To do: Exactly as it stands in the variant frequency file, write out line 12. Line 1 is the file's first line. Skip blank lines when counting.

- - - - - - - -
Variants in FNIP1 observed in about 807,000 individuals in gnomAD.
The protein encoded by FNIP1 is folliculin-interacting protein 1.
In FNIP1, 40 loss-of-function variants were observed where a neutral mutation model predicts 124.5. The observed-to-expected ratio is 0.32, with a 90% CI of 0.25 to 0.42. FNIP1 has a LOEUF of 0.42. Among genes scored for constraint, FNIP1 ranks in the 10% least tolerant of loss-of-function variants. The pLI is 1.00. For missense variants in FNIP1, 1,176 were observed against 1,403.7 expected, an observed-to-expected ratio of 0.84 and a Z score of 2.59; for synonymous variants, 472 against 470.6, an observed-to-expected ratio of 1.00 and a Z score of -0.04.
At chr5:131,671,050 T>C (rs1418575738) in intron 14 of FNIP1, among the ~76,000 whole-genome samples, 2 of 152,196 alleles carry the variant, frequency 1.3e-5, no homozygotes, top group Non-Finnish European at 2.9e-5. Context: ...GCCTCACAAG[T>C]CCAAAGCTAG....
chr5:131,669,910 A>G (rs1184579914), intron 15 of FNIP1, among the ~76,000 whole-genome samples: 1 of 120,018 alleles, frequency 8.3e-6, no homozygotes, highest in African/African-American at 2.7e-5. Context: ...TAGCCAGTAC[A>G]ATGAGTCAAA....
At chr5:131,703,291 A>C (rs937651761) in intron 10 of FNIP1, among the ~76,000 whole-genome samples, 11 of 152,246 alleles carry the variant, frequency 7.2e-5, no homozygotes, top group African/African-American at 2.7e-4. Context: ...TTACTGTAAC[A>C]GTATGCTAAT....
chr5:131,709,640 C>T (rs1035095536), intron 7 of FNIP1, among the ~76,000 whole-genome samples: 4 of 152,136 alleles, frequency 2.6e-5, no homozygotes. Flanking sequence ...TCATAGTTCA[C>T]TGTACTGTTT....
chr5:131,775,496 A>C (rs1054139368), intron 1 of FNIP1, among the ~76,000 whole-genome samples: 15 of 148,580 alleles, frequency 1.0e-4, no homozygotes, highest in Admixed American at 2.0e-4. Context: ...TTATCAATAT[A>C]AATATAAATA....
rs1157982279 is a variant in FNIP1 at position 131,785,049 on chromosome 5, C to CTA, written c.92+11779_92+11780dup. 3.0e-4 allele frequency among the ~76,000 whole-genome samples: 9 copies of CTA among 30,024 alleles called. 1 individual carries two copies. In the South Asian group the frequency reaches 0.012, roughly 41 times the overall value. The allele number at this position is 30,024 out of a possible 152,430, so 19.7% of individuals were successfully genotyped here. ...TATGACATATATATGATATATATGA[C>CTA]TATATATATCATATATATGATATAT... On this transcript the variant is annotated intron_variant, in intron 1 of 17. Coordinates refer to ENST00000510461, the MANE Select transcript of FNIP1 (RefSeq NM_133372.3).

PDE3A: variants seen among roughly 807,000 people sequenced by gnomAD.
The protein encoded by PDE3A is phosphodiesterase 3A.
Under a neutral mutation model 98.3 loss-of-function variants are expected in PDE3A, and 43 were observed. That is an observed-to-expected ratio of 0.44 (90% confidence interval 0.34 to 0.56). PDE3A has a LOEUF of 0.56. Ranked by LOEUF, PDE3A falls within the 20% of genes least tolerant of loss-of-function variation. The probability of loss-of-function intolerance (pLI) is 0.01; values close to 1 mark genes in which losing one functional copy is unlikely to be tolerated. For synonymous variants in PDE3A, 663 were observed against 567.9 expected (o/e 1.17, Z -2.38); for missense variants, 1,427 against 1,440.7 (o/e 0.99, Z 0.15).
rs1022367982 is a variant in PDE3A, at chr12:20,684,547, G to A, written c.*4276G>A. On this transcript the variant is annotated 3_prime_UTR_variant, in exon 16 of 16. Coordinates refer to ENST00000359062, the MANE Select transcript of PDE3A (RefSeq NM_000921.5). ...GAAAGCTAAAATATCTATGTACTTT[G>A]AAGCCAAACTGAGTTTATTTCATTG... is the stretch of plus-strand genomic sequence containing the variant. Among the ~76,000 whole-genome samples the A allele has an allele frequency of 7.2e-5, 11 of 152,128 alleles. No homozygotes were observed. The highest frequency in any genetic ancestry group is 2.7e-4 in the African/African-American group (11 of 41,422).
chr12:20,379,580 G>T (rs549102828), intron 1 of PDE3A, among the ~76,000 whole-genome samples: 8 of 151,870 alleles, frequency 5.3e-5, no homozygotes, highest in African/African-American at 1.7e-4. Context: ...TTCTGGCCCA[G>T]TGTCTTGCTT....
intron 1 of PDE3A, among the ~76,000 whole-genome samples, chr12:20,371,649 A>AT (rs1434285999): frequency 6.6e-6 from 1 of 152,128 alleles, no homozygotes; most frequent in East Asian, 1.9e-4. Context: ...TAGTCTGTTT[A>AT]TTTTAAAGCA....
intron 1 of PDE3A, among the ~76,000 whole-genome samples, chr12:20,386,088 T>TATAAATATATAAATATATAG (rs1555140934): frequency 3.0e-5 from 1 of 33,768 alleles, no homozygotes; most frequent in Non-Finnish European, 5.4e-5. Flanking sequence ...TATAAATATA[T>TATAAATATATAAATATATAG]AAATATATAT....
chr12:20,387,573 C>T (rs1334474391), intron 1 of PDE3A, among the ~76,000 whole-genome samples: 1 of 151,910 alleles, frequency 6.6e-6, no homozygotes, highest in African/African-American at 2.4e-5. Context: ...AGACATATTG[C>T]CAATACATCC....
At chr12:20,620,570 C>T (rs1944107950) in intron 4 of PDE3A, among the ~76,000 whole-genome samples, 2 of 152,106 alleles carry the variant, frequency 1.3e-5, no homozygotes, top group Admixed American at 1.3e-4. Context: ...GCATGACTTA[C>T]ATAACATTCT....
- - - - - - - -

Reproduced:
Under a neutral mutation model 98.3 loss-of-function variants are expected in PDE3A, and 43 were observed. That is an observed-to-expected ratio of 0.44 (90% confidence interval 0.34 to 0.56). PDE3A has a LOEUF of 0.56. Ranked by LOEUF, PDE3A falls within the 20% of genes least tolerant of loss-of-function variation. The probability of loss-of-function intolerance (pLI) is 0.01; values close to 1 mark genes in which losing one functional copy is unlikely to be tolerated. For synonymous variants in PDE3A, 663 were observed against 567.9 expected (o/e 1.17, Z -2.38); for missense variants, 1,427 against 1,440.7 (o/e 0.99, Z 0.15).